The EUR quote this Saturday 28 January at $198.00 to buy and $207.00 to sell, then up from the last quote.
As for the currency in the parallel market, the blue euro today It is listed at $385.00 to buy and $389.00 to sell. Therefore, its price increases compared to the last reported one.
With these values, the split between the blue euro and the official euro it is 94%.
The value of the blue euro it has a substantially greater difference with the official euro since the latter is what can be bought in banks and has a set price.
How was the price of the blue euro and its evolution in January 2023
Why is it called blue euro?
Like the blue dollar, the blue euro It is what circulates on the black market and usually has a higher value than the official one. An explanation of its name indicates that it is so called because in English “blue”, in addition to naming the color blue, refers to something “dark”. This way the currency exchange is recognized outside the exchange system.
The term blue euro has been used since 2011, as a result of the restrictions for the acquisition of foreign currency that began to be applied by the Federal Administration of Public Revenues (AFIP) and the Central Bank of the Argentine Republic under the government of Cristina Fernández de Kirchner.
We are limitations They gained new momentum in December 2019, after President Alberto Fernández’s announcements on the economic emergency law and deepened throughout 2020 with the exchange rate. This generates that the sectors traveling abroad opt for the purchase of euros in black marketthus generating an increase in the price of the blue euro.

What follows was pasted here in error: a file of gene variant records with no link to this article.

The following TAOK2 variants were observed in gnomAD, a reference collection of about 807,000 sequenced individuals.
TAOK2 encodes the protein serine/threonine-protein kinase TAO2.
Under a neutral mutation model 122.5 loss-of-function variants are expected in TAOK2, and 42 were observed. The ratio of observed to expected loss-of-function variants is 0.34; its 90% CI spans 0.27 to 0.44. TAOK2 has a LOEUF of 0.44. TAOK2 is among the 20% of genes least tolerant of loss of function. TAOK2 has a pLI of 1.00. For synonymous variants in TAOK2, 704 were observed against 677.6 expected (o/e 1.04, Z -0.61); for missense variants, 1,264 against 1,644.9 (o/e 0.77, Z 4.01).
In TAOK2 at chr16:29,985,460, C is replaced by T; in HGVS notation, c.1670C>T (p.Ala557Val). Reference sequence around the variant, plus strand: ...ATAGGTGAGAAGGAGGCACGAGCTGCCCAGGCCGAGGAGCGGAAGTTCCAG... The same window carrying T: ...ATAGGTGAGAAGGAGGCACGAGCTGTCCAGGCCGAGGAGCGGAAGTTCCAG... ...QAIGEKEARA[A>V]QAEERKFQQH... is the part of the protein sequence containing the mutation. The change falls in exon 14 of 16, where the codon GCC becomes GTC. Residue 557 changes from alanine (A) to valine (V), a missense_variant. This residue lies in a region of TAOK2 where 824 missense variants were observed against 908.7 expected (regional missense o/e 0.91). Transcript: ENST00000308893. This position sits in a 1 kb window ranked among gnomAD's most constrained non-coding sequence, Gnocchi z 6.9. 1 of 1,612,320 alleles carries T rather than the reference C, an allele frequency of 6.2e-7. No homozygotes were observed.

Origin of the Euro
The euro was launched on 1 January 1999, when 10 countries set their exchange rates and handed over interest rate decisions to the new European Central Bank. Euro banknotes and coins entered circulation three years later.
The shared currency was seen as a solution to the continuing exchange rate disputes that had marked European policy after the Second World War and as a logical extension of the European Union’s tariff free trade area. Great Britain, in particular, has opted out, but 19 of the 27 EU countries use the euro as their national currency. Those that make up the euro area, also called the “Eurozone”, are:
Charles Arterburn is a seasoned business journalist for News Rebeat, where he provides comprehensive coverage of the latest trends and developments in the world of finance and economics.